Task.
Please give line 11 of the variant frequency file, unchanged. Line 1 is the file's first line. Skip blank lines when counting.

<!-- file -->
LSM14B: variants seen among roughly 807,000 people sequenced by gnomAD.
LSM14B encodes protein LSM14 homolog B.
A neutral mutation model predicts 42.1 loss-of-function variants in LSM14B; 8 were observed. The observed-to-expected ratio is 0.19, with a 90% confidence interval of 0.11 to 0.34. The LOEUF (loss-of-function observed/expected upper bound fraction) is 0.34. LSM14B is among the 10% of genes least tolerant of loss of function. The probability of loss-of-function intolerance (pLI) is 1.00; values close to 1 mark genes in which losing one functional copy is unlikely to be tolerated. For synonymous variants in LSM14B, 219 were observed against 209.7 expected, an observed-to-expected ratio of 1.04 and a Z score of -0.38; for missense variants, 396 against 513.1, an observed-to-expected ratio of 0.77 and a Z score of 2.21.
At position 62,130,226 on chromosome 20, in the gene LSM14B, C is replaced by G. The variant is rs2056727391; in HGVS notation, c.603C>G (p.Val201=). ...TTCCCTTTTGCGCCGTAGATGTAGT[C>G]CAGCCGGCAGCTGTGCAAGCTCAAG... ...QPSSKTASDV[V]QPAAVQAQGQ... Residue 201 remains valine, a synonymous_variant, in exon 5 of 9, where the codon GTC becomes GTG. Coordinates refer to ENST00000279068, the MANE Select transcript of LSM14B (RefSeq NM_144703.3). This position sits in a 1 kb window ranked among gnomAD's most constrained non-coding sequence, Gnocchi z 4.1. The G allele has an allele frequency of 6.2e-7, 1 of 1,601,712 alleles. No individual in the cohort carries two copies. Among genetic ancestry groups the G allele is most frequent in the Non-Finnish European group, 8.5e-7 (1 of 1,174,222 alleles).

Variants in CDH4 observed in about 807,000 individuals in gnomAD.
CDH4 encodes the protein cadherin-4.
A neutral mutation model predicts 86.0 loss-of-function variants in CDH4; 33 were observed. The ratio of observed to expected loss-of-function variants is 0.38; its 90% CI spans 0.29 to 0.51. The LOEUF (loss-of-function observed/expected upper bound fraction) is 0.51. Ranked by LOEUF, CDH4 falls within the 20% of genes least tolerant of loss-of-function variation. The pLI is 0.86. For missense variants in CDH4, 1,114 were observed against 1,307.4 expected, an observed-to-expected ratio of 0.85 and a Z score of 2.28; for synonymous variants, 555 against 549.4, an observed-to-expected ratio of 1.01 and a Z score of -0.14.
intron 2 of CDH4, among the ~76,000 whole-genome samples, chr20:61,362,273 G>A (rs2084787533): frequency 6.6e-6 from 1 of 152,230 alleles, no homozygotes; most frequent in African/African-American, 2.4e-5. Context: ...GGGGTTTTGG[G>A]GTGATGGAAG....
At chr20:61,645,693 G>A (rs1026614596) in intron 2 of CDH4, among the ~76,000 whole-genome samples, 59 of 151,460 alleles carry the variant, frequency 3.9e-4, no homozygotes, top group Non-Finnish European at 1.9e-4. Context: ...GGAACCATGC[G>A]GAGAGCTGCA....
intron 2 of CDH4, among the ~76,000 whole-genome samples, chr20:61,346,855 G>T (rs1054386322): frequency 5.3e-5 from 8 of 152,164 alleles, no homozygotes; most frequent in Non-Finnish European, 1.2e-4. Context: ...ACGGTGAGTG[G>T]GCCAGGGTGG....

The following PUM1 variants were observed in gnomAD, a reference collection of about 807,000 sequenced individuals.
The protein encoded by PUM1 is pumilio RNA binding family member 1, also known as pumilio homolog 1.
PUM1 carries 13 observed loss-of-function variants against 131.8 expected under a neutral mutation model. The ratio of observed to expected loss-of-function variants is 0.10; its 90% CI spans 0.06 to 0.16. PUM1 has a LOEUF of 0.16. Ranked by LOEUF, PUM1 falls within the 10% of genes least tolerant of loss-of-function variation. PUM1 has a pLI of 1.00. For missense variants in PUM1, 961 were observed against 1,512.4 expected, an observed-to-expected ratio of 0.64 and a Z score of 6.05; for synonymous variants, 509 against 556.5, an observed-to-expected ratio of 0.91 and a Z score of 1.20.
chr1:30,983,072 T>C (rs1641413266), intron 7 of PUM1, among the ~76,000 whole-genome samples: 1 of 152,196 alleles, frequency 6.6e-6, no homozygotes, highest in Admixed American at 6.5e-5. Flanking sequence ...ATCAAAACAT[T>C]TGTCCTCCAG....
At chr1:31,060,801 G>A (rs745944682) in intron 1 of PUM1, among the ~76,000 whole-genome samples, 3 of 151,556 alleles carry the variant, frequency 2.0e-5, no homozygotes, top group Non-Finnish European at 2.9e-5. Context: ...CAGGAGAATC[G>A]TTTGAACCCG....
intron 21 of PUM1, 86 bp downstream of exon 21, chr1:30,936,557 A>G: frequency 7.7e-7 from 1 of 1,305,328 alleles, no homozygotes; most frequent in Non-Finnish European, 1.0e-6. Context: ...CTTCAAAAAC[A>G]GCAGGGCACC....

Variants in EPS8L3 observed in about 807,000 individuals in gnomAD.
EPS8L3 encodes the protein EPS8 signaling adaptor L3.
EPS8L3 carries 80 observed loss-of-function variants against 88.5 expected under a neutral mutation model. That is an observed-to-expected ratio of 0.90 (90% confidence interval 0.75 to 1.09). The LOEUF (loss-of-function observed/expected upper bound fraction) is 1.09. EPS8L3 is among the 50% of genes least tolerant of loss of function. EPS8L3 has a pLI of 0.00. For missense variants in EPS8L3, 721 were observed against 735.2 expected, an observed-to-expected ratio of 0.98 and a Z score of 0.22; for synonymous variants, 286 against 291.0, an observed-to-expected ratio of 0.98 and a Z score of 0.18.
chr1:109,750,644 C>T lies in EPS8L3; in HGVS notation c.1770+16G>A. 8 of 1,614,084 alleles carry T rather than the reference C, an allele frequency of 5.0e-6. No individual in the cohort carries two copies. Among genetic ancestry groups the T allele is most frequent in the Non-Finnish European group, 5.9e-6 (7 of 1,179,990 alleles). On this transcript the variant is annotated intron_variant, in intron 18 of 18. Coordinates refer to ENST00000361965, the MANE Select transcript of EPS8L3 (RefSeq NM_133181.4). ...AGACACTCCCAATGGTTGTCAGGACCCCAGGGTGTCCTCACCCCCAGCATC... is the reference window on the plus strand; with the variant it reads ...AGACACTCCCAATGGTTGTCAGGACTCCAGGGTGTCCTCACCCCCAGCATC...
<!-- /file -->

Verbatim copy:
The following PUM1 variants were observed in gnomAD, a reference collection of about 807,000 sequenced individuals.